indoor temperatures usually range from about 86 to 89 degrees. Once it
cools off outside, it starts to get hotter inside. I am sure that there are
scientific phenomena that explain this.
I could pay for the air conditioner, as well as the higher electricity
bills that it would generate. But I only recently decided against this.
Part of my decision has been as an act of solidarity with my fellow
Volunteers. Many of them live in villages that have no electricity or
running water, let alone air conditioners. If they can manage through that,
then I can do the same. And I am buoyed by this quotation from Confucius:
"The superior man thinks always of virtue; the common man thinks of
comfort." I am not trying to say that I am a "superior man"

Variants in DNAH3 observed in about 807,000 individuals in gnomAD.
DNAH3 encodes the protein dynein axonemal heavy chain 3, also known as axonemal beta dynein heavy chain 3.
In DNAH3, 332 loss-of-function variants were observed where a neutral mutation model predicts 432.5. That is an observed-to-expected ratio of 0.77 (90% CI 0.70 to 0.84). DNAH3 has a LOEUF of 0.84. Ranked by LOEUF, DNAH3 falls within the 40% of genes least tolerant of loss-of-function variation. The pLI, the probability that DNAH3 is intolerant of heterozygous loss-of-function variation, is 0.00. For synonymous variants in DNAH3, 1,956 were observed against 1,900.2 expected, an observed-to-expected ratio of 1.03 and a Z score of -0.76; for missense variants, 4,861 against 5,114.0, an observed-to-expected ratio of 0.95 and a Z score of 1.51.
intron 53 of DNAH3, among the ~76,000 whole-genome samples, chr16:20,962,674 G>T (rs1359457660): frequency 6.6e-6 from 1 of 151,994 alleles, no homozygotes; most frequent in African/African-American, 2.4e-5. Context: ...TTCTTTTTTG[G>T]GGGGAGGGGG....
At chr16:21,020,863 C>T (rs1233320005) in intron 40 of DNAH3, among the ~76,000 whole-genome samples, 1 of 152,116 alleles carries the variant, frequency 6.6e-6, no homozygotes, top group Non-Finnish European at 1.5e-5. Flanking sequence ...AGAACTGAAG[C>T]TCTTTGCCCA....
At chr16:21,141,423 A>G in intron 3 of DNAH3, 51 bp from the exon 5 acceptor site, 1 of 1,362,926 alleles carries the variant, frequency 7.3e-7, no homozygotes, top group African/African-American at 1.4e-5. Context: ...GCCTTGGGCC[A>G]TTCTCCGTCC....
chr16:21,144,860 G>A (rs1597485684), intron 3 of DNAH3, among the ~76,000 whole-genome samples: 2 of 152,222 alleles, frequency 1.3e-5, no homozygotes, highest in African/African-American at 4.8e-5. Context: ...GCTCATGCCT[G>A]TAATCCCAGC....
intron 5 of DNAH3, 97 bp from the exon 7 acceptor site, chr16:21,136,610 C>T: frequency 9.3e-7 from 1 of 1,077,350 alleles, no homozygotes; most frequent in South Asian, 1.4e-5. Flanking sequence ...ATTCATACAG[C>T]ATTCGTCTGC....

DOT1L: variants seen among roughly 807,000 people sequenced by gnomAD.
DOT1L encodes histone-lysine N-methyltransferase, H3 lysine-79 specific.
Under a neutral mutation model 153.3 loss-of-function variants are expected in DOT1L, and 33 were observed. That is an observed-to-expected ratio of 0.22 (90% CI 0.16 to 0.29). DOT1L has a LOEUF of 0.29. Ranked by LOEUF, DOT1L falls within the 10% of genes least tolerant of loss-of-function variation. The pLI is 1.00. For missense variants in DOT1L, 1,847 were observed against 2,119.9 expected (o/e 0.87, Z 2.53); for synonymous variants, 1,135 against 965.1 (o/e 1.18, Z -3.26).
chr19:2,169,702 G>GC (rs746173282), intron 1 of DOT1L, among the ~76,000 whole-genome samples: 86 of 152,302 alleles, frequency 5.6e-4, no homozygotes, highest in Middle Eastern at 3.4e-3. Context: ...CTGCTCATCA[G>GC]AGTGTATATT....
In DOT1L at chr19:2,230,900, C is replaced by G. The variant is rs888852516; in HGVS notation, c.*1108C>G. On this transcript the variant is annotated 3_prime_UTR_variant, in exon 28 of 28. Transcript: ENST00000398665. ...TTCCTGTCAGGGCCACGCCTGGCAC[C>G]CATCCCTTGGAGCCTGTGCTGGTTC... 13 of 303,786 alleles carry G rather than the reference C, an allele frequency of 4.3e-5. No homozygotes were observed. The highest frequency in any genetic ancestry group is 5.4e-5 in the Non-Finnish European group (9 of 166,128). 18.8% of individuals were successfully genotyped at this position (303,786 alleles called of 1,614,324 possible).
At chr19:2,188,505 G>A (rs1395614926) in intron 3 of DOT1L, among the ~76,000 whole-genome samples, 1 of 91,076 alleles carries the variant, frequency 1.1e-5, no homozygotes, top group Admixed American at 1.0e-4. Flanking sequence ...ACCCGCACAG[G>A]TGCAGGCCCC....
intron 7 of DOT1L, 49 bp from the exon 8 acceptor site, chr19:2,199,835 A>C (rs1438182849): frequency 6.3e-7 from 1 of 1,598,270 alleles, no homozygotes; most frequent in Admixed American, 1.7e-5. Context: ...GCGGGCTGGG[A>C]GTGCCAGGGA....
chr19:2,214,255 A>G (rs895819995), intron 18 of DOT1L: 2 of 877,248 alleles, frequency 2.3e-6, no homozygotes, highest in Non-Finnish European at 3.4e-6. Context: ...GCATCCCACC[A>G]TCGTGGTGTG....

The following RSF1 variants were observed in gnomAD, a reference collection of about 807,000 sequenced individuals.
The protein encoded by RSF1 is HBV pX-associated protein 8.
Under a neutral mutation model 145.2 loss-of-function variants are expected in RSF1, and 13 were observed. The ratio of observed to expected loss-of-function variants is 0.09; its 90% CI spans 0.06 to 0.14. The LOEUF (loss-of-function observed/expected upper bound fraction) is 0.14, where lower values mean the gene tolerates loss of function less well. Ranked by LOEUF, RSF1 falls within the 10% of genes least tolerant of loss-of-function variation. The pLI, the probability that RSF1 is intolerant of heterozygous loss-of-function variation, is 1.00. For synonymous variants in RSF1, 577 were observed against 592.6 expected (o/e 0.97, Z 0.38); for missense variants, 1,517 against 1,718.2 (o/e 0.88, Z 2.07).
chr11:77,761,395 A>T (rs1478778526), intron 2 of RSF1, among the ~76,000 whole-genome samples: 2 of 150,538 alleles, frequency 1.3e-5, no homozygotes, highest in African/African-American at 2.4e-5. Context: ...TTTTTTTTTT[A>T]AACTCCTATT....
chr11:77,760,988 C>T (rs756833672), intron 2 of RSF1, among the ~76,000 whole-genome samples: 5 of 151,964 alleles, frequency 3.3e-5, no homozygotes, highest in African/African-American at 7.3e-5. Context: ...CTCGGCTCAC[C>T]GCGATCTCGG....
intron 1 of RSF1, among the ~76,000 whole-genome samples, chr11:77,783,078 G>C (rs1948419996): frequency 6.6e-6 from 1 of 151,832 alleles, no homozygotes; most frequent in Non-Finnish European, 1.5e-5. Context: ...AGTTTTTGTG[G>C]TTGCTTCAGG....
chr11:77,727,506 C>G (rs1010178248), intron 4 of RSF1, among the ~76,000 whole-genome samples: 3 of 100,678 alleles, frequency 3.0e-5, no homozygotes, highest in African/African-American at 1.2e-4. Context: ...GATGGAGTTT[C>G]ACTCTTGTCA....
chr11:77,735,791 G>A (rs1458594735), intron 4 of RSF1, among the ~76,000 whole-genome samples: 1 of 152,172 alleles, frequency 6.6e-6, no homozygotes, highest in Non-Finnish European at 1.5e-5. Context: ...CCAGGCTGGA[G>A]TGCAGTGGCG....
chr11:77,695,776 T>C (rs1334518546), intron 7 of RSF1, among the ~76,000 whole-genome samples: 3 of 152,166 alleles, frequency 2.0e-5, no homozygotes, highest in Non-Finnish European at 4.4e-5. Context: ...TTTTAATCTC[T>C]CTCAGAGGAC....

by doing this, but I would like to be less common.
book I helped to write - my main objective for being here - is now with
whoever else is working on it. School is out for the summer. I am teaching
my last English Conversation Club tomorrow night, and then the Nouakchott
English Center will close for the month of September. I must be on
vacation. With all the free time on my hands, that is why August was such a
banner month for reading. This is the first time that I have read
exclusively borrowed books. My friend Patti sent me a box of books in
March, but they have not as yet arrived.
The Orchid Thief by Susan Orlean is my second look into the subculture
of people who are obsessed by orchids. Whereas Orchid Fever , which
I read some months ago, has chapters that deal with enthusiasts all over
the world, the Orlean book focuses on one particular collector in Florida -
a man who manages to break laws in order to satisfy his need to operate in
the orchid business. Orlean's writing is excellent; she has a sharp eye for
detail and a terrific wit.
In Fast Food Nation, Eric Schlosser gives well-documented research
about the start of the fast food business in the United States, as well as
all of its resulting ramifications for the economy and diet of the country.